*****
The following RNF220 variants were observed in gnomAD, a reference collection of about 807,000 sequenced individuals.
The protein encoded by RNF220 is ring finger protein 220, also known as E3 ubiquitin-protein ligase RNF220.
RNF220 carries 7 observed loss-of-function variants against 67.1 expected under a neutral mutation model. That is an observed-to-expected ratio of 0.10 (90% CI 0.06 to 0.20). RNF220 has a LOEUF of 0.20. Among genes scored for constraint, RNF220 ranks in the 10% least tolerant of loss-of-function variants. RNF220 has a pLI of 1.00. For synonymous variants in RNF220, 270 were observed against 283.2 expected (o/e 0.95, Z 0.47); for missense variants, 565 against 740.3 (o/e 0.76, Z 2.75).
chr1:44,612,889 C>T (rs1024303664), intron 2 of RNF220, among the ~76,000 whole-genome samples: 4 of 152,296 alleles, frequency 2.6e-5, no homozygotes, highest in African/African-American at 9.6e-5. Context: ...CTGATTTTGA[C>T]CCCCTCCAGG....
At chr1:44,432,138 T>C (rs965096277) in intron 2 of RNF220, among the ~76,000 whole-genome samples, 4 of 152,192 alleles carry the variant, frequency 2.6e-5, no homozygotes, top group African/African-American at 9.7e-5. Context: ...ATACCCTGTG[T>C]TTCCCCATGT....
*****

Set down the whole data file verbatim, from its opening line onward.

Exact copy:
The following RNF220 variants were observed in gnomAD, a reference collection of about 807,000 sequenced individuals.
The protein encoded by RNF220 is ring finger protein 220, also known as E3 ubiquitin-protein ligase RNF220.
RNF220 carries 7 observed loss-of-function variants against 67.1 expected under a neutral mutation model. That is an observed-to-expected ratio of 0.10 (90% CI 0.06 to 0.20). RNF220 has a LOEUF of 0.20. Among genes scored for constraint, RNF220 ranks in the 10% least tolerant of loss-of-function variants. RNF220 has a pLI of 1.00. For synonymous variants in RNF220, 270 were observed against 283.2 expected (o/e 0.95, Z 0.47); for missense variants, 565 against 740.3 (o/e 0.76, Z 2.75).
chr1:44,612,889 C>T (rs1024303664), intron 2 of RNF220, among the ~76,000 whole-genome samples: 4 of 152,296 alleles, frequency 2.6e-5, no homozygotes, highest in African/African-American at 9.6e-5. Context: ...CTGATTTTGA[C>T]CCCCTCCAGG....
At chr1:44,432,138 T>C (rs965096277) in intron 2 of RNF220, among the ~76,000 whole-genome samples, 4 of 152,192 alleles carry the variant, frequency 2.6e-5, no homozygotes, top group African/African-American at 9.7e-5. Context: ...ATACCCTGTG[T>C]TTCCCCATGT....